Metal comes with a certain reputation. Angry. Hateful. Loud. Noisy. Luckily, Amon Amarth does everything they can to refute claims like that. The strongest emotion, strangely enough, permeating through the band, the audience and the music, is love. They love their music, love their fans, love their bandmates and love performing. The concert itself, though, was not typical. There were no opening acts, no long set switches, no headliners stepping on stage. This was, literally, an Evening with Amon Amarth.
They played two full sets: their entire new album, Surtur Rising, and a collection of more well known songs and sounds from their seven previous studio albums. In way of criticisms, there wasn't much. Surtur Rising is good, but not great. It has one or two songs that really stick out, (“A Beast Am I” and “Doom over Dead Man”), but the rest blend together as repetitious. For a band that epitomizes the melodic death metal scene, there wasn’t all that much melody to be found. On the flip side, their performance was just as strong and brutal as the Vikings they sing about.
Lighting and sound was also considerably well done at the show. A massive red-orange banner of their new album cover was used ingeniously. Lit with black lights, the red was washed out to highlight the lava and the yellow was washed out to highlight Surtur himself. Backlights created eerie glowing rays through the fog machines.
The second set, however, was the exact opposite. The music, a “best of” compilation, was much stronger and much more rewarding, but the tech dropped the ball. The lighting designer couldn't help but shower the audience with epileptic colored rotoscope lights, forcing everyone to cover their eyes. Sound design also fouled up, not catching up their levels with Johann Hegg's vocals, which were beginning to be drowned out by the guitars. But that's not the band's fault, and their performance grew stronger throughout the night. If anything, the good tech in the first act kept the crowd involved through the lackluster music while the great music made the bad tech a minor inconvenience.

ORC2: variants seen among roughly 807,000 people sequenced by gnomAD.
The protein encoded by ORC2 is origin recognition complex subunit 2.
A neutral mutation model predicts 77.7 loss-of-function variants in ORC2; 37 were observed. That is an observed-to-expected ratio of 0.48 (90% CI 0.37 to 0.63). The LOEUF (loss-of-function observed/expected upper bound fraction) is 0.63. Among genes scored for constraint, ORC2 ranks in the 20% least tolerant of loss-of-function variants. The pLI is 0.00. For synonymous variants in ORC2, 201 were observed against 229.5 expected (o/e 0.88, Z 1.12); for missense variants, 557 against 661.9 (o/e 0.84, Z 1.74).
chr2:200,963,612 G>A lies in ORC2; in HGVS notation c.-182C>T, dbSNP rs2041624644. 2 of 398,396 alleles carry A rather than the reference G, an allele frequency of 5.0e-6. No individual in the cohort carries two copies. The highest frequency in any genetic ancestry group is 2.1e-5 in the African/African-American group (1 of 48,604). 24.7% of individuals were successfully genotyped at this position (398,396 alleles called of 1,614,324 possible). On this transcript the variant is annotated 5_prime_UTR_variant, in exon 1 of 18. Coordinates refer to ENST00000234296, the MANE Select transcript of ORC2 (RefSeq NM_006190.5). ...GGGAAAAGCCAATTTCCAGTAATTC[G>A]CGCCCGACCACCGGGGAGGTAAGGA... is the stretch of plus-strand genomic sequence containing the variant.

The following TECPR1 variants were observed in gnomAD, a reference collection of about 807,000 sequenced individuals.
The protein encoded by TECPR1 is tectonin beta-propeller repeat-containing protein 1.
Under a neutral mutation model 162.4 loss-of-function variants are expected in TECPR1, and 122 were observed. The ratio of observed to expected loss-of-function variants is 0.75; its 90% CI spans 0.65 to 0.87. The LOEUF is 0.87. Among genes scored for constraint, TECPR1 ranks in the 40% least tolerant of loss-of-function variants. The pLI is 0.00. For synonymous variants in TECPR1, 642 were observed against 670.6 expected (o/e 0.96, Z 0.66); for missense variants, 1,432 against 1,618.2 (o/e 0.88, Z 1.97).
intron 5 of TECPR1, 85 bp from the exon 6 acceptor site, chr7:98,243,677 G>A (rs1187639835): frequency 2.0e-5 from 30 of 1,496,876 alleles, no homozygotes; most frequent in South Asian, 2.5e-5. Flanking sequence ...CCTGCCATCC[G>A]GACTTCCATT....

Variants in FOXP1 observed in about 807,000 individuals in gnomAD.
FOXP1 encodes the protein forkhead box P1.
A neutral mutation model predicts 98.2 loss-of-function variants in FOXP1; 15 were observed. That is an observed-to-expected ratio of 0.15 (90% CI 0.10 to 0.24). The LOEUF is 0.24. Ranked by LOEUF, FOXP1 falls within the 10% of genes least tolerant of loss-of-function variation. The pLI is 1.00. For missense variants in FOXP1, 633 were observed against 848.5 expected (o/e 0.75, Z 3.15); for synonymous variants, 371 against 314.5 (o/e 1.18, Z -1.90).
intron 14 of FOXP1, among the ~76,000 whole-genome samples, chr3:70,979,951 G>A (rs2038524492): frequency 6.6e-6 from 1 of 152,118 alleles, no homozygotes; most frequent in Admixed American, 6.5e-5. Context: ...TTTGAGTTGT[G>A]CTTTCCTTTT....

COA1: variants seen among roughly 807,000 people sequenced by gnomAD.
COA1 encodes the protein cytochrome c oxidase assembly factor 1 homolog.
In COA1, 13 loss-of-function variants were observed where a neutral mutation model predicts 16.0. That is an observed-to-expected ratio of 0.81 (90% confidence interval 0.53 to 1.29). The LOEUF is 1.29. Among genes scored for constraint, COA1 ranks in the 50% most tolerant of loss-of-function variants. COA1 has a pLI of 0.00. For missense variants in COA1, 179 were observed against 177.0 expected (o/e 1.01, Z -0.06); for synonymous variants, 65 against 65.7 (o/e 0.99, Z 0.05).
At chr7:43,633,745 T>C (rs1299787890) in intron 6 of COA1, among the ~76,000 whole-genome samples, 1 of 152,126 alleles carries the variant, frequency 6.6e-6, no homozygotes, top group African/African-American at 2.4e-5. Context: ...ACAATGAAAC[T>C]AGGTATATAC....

In fact, Amon Amarth’s ability to just keep playing was the most shocking. Metal is probably one of the most grueling musical performances and yet the band's strength and energy was unwavering. Ted Lundström, the band’s bassist, explained. “[Metal is] not anger. A lot of time it might be anger, but it's really about energy. A lot of the time it's just energy. And it looks like anger but it's really just energy.” That's the core of what makes Amon Amarth great. They love to play with each other, acting as a band rather than a robot collection of artists playing on opposite corners of the stage, and they love to play for their fans. During the encore, Hegg called the audience Vikings and ran through the entirety of their most famous song, “The Pursuit of Vikings,” pausing in places just to teach newcomers the lyrics.
“We’ve been really really lucky for fans that will travel so far and follow the band and buy every album,” Lundström said. “I’m really glad to be in a metal band and not some pop band.” The fans can see that Amon Amarth loves metal and cares about where it has gone and where it’s going. “Hopefully our music can show where we come from. Since usually the age…when you're between 15-25…[is] pretty much [when] you form your musical style and influence. Probably for the rest of your life you'll come back to that. We just do death metal versions of what we listened to and perhaps kids who listen to us today will form their own style based on our band,” Lundström said. In the end, Amon Amarth delivered an incredible show. Live, their music is new, refreshing and crisp, forcing your heart to beat with its rhythm. But the band itself—with its love for their fans, its love for their music, and its love for metal—is the real show.
-Buddy Sola, for The News-Letter